donderdag, juni 25, 2009
Fiber to your home: using all bandwith in your LAN?
A colleague of mine changed ISP and choose a 60Mbps internet connection. He wondered what router and other LAN-equipment he should use to fully utilize his internet connection. That made me think: i really did not think about that, when i bought a router for our new 35 Mbps fiber internet connection: i assumed the Cisco Linksys WRT54G2 would be new enough to handle it.
So i received some links (Dutch) to info stating you really have to watch "LAN-WAN-throughput". Say what? Well, basically, you have to check whether all the boxes in your LAN support the big pipe your ISP delivers. It would be a waste to only use 2 lanes of the 10 lane super highway at your frontdoor, right?
You should check specs of your router and see what WAN-speed your router supports. Maybe your router is in this list, which also is a nice list when you think about buying a new router! My Cisco Linksys WRT54G2 seems to support my connection for now. But if i needed to buy new, the D-Link DIR-655 (and newer 855) do seem to have a nice price performance ratio. If you have a lot of wired connections in the LAN, you might want to check whether you need a switch and make sure that is able to handle the load. For this i would check out Netgear switches like the NETGEAR GS108T or newer models.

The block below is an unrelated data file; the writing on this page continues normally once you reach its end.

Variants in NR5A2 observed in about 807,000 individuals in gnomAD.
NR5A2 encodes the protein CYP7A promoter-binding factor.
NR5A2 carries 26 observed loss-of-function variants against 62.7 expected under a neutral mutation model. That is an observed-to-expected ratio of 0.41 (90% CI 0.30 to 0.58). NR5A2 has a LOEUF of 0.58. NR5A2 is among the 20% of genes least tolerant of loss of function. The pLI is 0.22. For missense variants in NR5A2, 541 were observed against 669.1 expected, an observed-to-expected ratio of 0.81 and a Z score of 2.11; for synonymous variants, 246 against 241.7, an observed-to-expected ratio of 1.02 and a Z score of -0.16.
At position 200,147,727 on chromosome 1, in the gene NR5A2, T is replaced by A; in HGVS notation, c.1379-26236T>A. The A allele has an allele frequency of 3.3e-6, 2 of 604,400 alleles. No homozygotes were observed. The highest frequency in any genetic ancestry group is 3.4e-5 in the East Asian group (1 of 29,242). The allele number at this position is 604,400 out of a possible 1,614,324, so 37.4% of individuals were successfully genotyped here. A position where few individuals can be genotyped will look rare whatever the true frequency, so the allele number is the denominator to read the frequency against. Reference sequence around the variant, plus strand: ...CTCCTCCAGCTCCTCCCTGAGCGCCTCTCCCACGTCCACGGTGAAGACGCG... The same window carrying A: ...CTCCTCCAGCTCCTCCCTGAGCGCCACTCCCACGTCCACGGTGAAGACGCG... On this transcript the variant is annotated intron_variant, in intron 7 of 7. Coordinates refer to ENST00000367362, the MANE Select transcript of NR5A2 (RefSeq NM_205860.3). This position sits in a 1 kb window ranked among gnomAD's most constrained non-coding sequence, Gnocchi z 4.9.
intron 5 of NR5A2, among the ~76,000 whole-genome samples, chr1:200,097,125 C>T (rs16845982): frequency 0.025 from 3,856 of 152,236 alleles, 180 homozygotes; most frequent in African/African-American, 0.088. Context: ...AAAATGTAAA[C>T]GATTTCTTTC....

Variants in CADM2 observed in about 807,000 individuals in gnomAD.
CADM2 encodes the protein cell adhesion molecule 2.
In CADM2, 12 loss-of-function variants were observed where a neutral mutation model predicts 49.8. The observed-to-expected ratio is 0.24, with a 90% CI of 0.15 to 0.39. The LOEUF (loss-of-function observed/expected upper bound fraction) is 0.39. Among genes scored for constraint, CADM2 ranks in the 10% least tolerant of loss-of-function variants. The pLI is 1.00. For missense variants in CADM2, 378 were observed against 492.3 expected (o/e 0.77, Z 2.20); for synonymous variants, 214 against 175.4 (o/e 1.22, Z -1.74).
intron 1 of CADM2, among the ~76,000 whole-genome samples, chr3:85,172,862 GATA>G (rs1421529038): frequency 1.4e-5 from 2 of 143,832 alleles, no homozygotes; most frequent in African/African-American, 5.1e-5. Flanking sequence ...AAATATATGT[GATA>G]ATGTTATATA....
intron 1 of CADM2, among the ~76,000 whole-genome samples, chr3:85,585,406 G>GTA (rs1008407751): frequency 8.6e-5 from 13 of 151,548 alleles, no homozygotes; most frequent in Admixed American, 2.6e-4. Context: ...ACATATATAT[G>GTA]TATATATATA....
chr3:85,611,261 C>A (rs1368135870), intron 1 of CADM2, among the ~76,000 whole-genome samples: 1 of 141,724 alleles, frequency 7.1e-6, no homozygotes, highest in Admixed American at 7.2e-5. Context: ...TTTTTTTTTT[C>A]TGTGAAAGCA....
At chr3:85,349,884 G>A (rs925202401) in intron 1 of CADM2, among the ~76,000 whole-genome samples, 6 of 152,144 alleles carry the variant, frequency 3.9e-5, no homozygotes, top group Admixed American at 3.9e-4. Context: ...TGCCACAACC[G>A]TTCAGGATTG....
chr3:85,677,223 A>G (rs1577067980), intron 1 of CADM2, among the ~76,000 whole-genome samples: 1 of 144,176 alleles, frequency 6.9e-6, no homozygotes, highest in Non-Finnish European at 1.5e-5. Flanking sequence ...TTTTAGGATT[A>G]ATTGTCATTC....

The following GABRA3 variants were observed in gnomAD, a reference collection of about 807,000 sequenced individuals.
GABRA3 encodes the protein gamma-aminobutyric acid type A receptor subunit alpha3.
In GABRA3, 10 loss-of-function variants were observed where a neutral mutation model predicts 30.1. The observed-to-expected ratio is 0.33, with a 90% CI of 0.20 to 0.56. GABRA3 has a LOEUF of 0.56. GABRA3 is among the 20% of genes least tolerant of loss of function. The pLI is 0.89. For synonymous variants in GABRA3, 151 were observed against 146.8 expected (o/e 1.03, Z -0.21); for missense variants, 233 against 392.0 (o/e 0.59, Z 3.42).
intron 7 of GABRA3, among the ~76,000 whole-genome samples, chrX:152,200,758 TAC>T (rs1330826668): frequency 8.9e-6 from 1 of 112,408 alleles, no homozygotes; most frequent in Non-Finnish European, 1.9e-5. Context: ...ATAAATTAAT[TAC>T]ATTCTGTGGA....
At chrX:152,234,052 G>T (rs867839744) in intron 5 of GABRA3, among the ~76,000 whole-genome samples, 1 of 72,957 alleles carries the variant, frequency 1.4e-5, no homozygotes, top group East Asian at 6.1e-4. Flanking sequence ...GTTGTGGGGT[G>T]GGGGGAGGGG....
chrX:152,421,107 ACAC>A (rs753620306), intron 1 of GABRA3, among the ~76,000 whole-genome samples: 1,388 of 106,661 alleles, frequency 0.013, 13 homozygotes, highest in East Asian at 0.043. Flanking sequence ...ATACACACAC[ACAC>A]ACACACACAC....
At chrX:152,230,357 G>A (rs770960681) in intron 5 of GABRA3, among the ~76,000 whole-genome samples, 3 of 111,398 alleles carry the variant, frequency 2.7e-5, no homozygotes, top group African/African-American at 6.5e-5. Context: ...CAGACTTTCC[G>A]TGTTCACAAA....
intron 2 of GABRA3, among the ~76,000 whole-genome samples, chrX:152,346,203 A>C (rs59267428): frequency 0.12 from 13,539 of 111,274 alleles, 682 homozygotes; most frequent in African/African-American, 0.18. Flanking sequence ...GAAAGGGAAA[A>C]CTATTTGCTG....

Finally, you want to make sure the clients (PC, Mac, Linux etc) utilize the available bandwidth. O, and you want to think of making it a little future proof (no new standards on the horizon?), ensure you pick a supplier that will last some years and delivers firmware updates often enough and make sure everything has enough options and safety build in. Go figure ;-).
Want to check your current ISP connection? Use Speedtest.net. And check out the SmallNetBuilder site, check the menu in the top of the screen: they have basic info, but also charts comparing stuff like routers, nas, wireless etc.